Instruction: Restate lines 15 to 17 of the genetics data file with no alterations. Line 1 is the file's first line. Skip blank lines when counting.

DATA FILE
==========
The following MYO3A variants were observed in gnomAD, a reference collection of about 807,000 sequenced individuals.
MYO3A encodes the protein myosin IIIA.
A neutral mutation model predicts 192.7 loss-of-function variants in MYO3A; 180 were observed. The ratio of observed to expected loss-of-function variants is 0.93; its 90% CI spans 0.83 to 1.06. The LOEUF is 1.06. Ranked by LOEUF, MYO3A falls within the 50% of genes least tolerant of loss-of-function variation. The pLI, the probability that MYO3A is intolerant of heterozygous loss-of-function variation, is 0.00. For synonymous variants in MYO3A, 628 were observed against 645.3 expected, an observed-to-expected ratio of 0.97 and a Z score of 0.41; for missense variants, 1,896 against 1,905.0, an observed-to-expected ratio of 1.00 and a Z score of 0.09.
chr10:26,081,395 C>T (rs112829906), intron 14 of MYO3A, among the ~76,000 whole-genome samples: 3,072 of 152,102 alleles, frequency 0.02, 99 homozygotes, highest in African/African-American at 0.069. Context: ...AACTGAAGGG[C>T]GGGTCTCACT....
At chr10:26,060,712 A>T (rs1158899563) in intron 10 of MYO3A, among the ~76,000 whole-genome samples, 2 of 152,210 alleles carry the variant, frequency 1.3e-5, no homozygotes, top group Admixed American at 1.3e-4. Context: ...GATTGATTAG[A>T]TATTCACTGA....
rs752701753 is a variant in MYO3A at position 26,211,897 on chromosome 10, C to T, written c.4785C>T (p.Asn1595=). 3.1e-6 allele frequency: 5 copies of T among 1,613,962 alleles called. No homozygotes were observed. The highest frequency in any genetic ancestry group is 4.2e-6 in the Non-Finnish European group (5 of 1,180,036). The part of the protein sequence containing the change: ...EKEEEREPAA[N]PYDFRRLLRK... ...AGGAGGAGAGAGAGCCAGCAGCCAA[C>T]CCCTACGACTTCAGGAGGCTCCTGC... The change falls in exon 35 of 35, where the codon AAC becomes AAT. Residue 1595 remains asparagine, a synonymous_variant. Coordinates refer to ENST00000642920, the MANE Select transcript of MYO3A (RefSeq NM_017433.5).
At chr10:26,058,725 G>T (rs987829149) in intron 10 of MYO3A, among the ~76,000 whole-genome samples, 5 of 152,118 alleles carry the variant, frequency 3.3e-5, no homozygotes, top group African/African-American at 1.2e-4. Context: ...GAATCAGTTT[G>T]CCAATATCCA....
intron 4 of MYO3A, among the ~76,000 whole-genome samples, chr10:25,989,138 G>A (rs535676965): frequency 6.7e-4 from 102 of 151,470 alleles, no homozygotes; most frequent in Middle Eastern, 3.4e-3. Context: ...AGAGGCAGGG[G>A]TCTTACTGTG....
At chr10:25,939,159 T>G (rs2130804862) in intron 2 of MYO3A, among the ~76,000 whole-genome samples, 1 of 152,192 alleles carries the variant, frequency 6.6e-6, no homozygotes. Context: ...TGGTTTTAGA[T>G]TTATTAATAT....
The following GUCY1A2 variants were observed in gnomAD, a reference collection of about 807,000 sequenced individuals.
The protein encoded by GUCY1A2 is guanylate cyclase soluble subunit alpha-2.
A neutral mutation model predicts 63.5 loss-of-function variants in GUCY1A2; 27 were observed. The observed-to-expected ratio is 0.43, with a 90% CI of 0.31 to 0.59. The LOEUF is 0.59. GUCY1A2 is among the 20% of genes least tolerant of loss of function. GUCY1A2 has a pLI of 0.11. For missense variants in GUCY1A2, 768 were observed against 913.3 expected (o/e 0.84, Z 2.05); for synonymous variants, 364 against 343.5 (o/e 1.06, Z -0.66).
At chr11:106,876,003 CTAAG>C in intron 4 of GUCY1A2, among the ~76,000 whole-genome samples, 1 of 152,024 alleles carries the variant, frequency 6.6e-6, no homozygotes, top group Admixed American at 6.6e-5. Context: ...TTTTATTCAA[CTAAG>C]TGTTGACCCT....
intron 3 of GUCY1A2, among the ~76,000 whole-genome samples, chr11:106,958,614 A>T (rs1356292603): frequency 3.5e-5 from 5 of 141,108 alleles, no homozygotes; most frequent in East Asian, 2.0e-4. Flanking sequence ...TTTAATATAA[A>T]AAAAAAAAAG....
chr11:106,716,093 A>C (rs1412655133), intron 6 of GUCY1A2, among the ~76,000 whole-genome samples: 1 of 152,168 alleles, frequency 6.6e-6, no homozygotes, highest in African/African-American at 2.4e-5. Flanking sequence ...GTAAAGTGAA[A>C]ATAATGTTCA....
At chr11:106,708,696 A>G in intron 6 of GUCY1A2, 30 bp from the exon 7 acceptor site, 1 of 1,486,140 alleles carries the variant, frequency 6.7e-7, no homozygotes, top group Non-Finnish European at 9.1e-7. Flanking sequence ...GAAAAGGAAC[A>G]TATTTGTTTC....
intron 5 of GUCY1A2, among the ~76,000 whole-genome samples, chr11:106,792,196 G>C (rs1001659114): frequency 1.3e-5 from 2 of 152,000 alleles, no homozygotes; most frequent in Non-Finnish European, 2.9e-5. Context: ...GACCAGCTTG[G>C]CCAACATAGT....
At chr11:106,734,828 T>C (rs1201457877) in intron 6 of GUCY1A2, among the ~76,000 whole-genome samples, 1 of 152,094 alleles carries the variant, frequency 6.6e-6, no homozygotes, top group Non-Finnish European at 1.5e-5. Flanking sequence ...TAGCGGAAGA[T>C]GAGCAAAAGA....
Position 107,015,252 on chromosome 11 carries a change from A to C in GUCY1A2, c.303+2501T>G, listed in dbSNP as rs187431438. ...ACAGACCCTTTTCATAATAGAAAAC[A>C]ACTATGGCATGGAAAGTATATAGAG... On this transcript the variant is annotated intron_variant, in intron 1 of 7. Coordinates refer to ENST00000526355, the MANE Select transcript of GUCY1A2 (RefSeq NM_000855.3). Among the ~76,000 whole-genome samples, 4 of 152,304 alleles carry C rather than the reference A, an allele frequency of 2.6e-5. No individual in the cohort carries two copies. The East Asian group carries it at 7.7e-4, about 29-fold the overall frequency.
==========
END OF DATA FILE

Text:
chr11:106,716,093 A>C (rs1412655133), intron 6 of GUCY1A2, among the ~76,000 whole-genome samples: 1 of 152,168 alleles, frequency 6.6e-6, no homozygotes, highest in African/African-American at 2.4e-5. Flanking sequence ...GTAAAGTGAA[A>C]ATAATGTTCA....
At chr11:106,708,696 A>G in intron 6 of GUCY1A2, 30 bp from the exon 7 acceptor site, 1 of 1,486,140 alleles carries the variant, frequency 6.7e-7, no homozygotes, top group Non-Finnish European at 9.1e-7. Flanking sequence ...GAAAAGGAAC[A>G]TATTTGTTTC....
intron 5 of GUCY1A2, among the ~76,000 whole-genome samples, chr11:106,792,196 G>C (rs1001659114): frequency 1.3e-5 from 2 of 152,000 alleles, no homozygotes; most frequent in Non-Finnish European, 2.9e-5. Context: ...GACCAGCTTG[G>C]CCAACATAGT....